They should be put to death … Oh, so you’re saying we should go out and start killing them, no?’ — I’m saying the government should. They won’t, but they should. You say, ‘Oh, I can’t believe you, you’re horrible. You’re a backwards neanderthal of a person’. Is that what you’re calling scripture? Is God a neanderthal, backwards in his morality? Is it His word or not? If it’s His word, he commanded it. It’s His idea, not mine. And I’m not ashamed of it. He continued: He said put them to death. Shall the church drag them in? No, I’m not say that. The church has not been given the power of the sort; the government has. But the government ought to [kill them]. You got a better idea? A better idea than God?

    Meanwhile, in a more typical stance of the Christian Right, Truth in Action Ministries is blaming all of America’s ills on the IRS and homosexuality, and demanding that homosexuality be made illegal. Faux historian David Barton, who shaped Texan’s social studies textbooks with his warped “christian nation” nonsense, is in agreement. This is what the Christian Right wants: The removal of anyone who doesn’t obey their leaders. And they’re after your children. Are they in your child’s school?

    Katherine Stewart has written a book about the Good News Club, The Good News Club: The Christian Right’s Stealth Assault on America’s Children. She also has a website which features stories about the Religious Right in America.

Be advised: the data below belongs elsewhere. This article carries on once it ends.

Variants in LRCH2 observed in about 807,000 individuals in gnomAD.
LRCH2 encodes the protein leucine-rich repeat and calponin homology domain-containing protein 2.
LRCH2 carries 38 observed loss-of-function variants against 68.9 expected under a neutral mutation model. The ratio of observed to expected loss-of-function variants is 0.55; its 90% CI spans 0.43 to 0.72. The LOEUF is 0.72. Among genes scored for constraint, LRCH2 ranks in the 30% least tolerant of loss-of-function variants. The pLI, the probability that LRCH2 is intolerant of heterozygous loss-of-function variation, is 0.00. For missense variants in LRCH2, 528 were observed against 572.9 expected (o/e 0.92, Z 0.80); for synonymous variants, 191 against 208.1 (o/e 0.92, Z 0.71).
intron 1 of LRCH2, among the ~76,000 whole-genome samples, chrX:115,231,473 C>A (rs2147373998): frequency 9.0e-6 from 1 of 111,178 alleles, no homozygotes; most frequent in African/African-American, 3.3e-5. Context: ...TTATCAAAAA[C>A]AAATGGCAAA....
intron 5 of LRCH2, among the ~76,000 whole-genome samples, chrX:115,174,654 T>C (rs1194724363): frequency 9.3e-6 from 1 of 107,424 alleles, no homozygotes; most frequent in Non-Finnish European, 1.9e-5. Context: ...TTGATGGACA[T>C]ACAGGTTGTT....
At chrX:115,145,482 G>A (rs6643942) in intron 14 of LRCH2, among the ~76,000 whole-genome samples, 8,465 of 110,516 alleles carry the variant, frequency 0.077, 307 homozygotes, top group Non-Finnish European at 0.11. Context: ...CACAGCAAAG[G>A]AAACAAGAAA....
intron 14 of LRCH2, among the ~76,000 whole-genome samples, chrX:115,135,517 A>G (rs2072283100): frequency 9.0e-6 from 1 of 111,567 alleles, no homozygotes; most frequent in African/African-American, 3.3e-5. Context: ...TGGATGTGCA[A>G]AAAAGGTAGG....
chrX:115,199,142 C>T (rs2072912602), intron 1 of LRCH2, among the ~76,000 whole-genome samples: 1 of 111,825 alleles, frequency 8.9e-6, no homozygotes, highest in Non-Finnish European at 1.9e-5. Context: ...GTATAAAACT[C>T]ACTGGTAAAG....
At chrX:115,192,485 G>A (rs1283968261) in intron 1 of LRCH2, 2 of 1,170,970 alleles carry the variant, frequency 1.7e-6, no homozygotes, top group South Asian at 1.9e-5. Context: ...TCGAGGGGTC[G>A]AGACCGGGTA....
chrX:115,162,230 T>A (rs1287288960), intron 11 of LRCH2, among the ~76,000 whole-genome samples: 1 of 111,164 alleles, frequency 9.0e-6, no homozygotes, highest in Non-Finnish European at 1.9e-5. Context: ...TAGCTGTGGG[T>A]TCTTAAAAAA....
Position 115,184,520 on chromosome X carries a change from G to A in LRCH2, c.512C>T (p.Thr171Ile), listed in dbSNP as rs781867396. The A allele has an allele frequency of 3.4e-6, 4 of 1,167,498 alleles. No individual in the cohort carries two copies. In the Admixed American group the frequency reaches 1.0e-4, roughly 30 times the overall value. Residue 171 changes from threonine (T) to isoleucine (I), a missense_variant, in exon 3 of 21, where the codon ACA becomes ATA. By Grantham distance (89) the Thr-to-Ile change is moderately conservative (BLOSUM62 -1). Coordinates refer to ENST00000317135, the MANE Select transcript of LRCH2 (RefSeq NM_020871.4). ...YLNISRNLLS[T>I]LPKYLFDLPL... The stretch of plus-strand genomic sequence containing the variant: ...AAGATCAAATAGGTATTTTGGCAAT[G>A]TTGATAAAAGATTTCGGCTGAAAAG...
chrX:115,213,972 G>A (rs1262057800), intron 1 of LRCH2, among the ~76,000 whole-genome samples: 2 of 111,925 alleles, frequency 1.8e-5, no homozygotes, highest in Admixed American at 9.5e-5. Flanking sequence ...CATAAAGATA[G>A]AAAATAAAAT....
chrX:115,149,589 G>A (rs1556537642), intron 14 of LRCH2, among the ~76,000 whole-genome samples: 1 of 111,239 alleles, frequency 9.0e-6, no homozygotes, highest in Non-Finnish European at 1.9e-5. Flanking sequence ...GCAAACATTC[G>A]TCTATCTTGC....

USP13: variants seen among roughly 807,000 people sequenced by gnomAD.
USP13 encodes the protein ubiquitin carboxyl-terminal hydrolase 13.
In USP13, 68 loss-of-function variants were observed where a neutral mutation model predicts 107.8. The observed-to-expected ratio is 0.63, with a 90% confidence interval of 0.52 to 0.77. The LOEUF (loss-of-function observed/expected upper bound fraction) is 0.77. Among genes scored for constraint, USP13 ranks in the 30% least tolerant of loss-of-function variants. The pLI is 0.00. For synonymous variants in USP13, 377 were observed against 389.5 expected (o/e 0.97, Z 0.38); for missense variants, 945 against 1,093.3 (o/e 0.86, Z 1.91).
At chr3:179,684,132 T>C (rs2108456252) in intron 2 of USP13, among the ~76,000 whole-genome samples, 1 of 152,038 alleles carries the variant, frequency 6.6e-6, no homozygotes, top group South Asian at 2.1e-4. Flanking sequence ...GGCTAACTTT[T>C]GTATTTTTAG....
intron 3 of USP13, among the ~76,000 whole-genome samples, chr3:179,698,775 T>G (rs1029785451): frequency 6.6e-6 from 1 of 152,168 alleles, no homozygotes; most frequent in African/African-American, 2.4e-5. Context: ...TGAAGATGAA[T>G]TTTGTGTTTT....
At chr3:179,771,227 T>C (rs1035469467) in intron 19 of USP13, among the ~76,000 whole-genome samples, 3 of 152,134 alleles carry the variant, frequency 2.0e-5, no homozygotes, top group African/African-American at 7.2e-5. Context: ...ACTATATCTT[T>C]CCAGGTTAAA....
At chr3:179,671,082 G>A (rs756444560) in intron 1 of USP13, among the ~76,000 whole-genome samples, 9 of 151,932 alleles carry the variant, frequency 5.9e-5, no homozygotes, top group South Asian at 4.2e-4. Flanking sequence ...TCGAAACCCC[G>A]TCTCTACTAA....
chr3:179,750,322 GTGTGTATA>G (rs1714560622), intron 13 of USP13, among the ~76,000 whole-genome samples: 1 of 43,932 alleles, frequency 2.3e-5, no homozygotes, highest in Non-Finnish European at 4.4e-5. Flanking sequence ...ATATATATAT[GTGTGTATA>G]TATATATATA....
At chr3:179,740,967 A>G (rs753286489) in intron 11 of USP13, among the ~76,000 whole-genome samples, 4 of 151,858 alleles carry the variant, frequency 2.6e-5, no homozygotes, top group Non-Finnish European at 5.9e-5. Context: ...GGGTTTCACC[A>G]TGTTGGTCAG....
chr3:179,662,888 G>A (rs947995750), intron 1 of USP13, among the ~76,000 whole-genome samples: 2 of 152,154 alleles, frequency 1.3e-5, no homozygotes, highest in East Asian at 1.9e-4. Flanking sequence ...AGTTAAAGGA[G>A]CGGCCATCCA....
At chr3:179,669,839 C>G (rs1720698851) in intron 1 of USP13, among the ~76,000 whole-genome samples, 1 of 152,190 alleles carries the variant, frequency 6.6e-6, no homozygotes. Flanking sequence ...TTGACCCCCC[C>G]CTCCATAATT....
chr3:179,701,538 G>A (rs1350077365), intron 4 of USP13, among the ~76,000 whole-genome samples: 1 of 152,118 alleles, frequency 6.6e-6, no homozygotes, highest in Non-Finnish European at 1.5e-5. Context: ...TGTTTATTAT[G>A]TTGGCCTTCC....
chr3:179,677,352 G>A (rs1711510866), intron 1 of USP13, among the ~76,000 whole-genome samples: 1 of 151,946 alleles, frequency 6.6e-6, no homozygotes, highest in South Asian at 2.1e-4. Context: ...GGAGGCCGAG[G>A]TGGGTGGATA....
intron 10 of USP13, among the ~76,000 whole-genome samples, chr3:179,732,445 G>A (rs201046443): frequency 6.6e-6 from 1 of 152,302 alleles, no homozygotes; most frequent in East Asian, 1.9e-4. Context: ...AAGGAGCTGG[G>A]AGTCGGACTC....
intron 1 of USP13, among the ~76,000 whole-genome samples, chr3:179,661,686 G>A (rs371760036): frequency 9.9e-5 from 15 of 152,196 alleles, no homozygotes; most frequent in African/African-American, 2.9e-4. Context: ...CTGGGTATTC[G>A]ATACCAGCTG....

To see the links embedded in this article go to:

    http://www.secularnewsdaily.com/2012/05/christian-fundamentalist-good-news-club-promotes-genocide-of-nonbelievers-in-public-schools/

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  8. Did the Moonies really brainwash millions? Time to dispel a myth

    Eileen Barker, The Guardian UK September 4, 2012

    The death of Sun Myung Moon has brought back to mind the panic that swept through the west in the 1970s and 80s. Moon was just about the last surviving charismatic leader of the "cults" that, it was widely declared, threatened to undermine our civilisation by brainwashing our youth and turning them into zombies prepared to do anything – including mass suicide and murder.

    Apart from Moon and his Unification Church, there was David Berg and his Children of God, who became renowned for their practice of "flirty fishing"; Prabhupada and his International Society for Krishna Consciousness devotees, who could be seen dancing and chanting on the streets; Bhagwan Rajneesh, later called Osho, and his sannyasins; and L Ron Hubbard's Church of Scientology – and literally hundreds of other men and women selling their spiritual wares in San Francisco, New York, Montreal, Paris, Tokyo and London.